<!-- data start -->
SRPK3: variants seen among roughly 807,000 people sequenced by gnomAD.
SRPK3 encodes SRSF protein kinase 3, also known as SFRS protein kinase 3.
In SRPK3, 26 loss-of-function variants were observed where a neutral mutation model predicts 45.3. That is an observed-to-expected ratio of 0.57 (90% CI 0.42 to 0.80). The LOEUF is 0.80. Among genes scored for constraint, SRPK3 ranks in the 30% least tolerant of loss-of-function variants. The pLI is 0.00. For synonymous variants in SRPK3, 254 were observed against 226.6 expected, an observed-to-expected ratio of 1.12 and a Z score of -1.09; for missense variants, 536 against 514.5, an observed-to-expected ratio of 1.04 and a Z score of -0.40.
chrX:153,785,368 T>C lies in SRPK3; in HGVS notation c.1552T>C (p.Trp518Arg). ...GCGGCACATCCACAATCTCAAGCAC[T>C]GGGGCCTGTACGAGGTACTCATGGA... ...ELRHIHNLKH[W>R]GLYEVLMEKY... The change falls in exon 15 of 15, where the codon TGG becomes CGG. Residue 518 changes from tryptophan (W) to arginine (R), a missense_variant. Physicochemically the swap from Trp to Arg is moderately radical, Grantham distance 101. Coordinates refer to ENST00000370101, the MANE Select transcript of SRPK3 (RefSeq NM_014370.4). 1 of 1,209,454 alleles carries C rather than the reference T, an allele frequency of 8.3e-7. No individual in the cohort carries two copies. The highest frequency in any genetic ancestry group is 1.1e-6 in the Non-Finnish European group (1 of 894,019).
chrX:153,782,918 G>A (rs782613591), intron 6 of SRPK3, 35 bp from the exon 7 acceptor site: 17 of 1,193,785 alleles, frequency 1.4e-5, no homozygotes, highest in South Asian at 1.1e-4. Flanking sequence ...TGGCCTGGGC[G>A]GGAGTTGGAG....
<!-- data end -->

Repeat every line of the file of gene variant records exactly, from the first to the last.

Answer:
SRPK3: variants seen among roughly 807,000 people sequenced by gnomAD.
SRPK3 encodes SRSF protein kinase 3, also known as SFRS protein kinase 3.
In SRPK3, 26 loss-of-function variants were observed where a neutral mutation model predicts 45.3. That is an observed-to-expected ratio of 0.57 (90% CI 0.42 to 0.80). The LOEUF is 0.80. Among genes scored for constraint, SRPK3 ranks in the 30% least tolerant of loss-of-function variants. The pLI is 0.00. For synonymous variants in SRPK3, 254 were observed against 226.6 expected, an observed-to-expected ratio of 1.12 and a Z score of -1.09; for missense variants, 536 against 514.5, an observed-to-expected ratio of 1.04 and a Z score of -0.40.
chrX:153,785,368 T>C lies in SRPK3; in HGVS notation c.1552T>C (p.Trp518Arg). ...GCGGCACATCCACAATCTCAAGCAC[T>C]GGGGCCTGTACGAGGTACTCATGGA... ...ELRHIHNLKH[W>R]GLYEVLMEKY... The change falls in exon 15 of 15, where the codon TGG becomes CGG. Residue 518 changes from tryptophan (W) to arginine (R), a missense_variant. Physicochemically the swap from Trp to Arg is moderately radical, Grantham distance 101. Coordinates refer to ENST00000370101, the MANE Select transcript of SRPK3 (RefSeq NM_014370.4). 1 of 1,209,454 alleles carries C rather than the reference T, an allele frequency of 8.3e-7. No individual in the cohort carries two copies. The highest frequency in any genetic ancestry group is 1.1e-6 in the Non-Finnish European group (1 of 894,019).
chrX:153,782,918 G>A (rs782613591), intron 6 of SRPK3, 35 bp from the exon 7 acceptor site: 17 of 1,193,785 alleles, frequency 1.4e-5, no homozygotes, highest in South Asian at 1.1e-4. Flanking sequence ...TGGCCTGGGC[G>A]GGAGTTGGAG....